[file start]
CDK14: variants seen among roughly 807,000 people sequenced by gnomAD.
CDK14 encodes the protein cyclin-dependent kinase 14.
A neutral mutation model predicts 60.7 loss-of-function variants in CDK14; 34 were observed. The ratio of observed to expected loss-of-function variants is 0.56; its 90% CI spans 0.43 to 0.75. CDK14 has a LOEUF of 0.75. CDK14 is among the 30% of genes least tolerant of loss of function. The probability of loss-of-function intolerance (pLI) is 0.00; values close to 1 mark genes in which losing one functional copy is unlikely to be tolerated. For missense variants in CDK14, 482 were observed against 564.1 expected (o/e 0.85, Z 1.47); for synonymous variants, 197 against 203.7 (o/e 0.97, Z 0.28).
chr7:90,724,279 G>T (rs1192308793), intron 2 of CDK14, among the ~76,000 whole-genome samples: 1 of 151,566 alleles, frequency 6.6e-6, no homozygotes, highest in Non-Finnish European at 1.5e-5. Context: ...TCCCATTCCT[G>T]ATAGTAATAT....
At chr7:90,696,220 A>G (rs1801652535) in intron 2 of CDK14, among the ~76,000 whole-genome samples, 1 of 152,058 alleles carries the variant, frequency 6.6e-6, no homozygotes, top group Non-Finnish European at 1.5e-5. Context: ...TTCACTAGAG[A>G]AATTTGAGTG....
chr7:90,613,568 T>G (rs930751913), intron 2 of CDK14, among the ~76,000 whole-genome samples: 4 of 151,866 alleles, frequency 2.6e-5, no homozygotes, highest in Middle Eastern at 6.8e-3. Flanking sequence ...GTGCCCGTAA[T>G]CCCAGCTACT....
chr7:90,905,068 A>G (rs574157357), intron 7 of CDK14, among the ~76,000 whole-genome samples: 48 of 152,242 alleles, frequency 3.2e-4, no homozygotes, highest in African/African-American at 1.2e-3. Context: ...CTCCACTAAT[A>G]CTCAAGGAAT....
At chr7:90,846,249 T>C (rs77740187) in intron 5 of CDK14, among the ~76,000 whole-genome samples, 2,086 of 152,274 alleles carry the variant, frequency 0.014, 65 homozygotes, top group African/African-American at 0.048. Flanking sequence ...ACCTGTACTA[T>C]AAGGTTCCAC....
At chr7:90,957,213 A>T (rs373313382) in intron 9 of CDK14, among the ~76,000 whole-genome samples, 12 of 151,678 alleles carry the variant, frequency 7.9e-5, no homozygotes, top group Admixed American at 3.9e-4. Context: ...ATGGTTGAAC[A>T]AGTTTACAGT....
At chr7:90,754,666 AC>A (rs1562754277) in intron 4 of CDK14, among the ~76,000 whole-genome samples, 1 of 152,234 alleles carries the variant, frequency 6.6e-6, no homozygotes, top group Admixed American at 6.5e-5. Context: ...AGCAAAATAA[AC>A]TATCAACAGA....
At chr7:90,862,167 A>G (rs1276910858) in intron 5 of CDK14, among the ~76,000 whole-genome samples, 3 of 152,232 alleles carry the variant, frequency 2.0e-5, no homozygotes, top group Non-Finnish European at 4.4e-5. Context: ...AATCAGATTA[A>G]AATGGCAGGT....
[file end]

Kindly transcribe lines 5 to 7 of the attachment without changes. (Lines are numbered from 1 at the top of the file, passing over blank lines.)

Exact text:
At chr7:90,696,220 A>G (rs1801652535) in intron 2 of CDK14, among the ~76,000 whole-genome samples, 1 of 152,058 alleles carries the variant, frequency 6.6e-6, no homozygotes, top group Non-Finnish European at 1.5e-5. Context: ...TTCACTAGAG[A>G]AATTTGAGTG....
chr7:90,613,568 T>G (rs930751913), intron 2 of CDK14, among the ~76,000 whole-genome samples: 4 of 151,866 alleles, frequency 2.6e-5, no homozygotes, highest in Middle Eastern at 6.8e-3. Flanking sequence ...GTGCCCGTAA[T>G]CCCAGCTACT....
chr7:90,905,068 A>G (rs574157357), intron 7 of CDK14, among the ~76,000 whole-genome samples: 48 of 152,242 alleles, frequency 3.2e-4, no homozygotes, highest in African/African-American at 1.2e-3. Context: ...CTCCACTAAT[A>G]CTCAAGGAAT....